My Life Abroad: The Adventures of Two Birds
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Wed
17
Aug '11

Road Trip to Ayers Rock (Uluru), in Central Australia

A quick update: We finally have our itinerary

Check back here for pictures and video during our adventure through the Outback. I’m really looking forward to this trip and seeing the sights of the red dessert.  I’ve never been to the Outback so this is very exciting.  And we can have our fur babies with us to enjoy being out on the land.  I’m hoping to do some combination camping and staying in hotels that can accommodate the dogs. 

Central Australia Trip

Day 1
Depart CBD 5pm
Drive to Horsham (298km)

Day 2
Depart Horsham at 7am
Drive to Clare SA (543km)
Visit local wineries

Day 3
Depart Clare at 9am
Drive to Coober Pedy SA (734km)

Day 4
Day in Coober Pedy

Day 5
Depart Coober Pedy at 8am
Drive to Yulara NT (735km)

Day 6
Day at Yulara, Ayers Rock, The Olgas, Mt Conner

Day 7
Depart Yulara at 7am
Drive to Alice Springs via King Canyon (631km)
Visit Kings Canyon

Day 8
Day at Alice Springs
Drive to Devils Marbles (100km)
Drive to Tennant Creek (80km)
Drive back to Alice Springs (180km)

Day 9
Depart Alice Springs 8am
Drive to Coober Pedy SA (688km)

Day 10
Depart Coober Pedy at 8am
Drive to Gawler SA (846km)

Day 11
Depart Gawler 9am
Visit Barossa Valley wineries
Drive Home (805km)

Well, we’ve been talking about this for a while and now we’ve decided to pack up the dogs, get a house sitter and head out on the road for our first ever “road trip”.  We’re going to spend 10-days on the road and see some of Central Australia’s beautiful country side in a trip to see the wine country of South Australia, then up to the underground town, and opal mines of Coober Pedy, and last but not least up to Uluru also world with the majority of gem quality opal.

South Australia Wine Country (Wine Tasting) – Barrossa Valley

The Barossa Valley is one of Australia’s oldest wine regions. Located in South Australia, the Barossa Valley is about 56km (35 miles) northeast of the city of Adelaide. Unlike most of Australia whose wine industry was heavily influenced by the British, the wine industry of the Barossa Valley was founded by German settlers fleeing persecution from the Prussian province of Silesia (in what is now modern day Poland).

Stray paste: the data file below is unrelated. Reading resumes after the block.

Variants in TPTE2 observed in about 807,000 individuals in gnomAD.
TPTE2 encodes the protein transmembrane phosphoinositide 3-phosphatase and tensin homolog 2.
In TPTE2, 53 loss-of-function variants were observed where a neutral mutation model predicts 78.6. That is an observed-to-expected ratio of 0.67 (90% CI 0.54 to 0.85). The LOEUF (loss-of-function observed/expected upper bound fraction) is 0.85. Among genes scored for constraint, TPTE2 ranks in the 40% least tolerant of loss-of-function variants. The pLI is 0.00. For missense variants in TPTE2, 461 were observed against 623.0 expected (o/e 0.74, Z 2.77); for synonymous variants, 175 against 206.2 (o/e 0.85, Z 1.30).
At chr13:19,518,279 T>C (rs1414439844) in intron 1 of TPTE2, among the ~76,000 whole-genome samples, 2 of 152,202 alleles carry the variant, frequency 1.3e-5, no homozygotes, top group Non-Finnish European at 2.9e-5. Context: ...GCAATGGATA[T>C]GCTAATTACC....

The hot continental climate of the region promoted the production of very ripe grapes that was the linchpin of the early Australian fortified wine industry. As the modern Australian wine industry shifted towards red table wines (particularly those made by the prestigious Cabernet Sauvignon) in the mid-20th century, the Barossa Valley fell out of favor due to its reputation for being largely a Shiraz producers whose grapes were destined for blending. During this period the name “Barossa Valley” rarely appeared on wine labels. In the 1980s, the emergence of several boutique family specializing in old vine Shiraz wines began to capture international attention for the distinctive style of Barossa Shiraz, a full bodied red wine with rich chocolate and spice notes. This led to a renaissance in the Barossa which catapulted the region to the forefront of the Australian wine industry.

Coober Pedy

Coober Pedy today relies as much on tourism as the opal mining industry to provide the community with employment and sustainability. Coober Pedy has evolved in to one of the most unique places in Australia and perhaps the world. It is a cosmopolitan town with a population of 3,500 and over 45 different nationalities.

The relaxed and friendly lifestyle of the town has made it a breeding ground for cultural tolerance, diversity and acceptance. Coober Pedy is probably best known for its unique style of underground living.

There is a range of underground accommodation (as well as above ground if you prefer). There are authentic underground homes to explore as well as underground museums, opal shops, art galleries, underground churches and, of course, opal mines.

Ayres Rock (Uluru)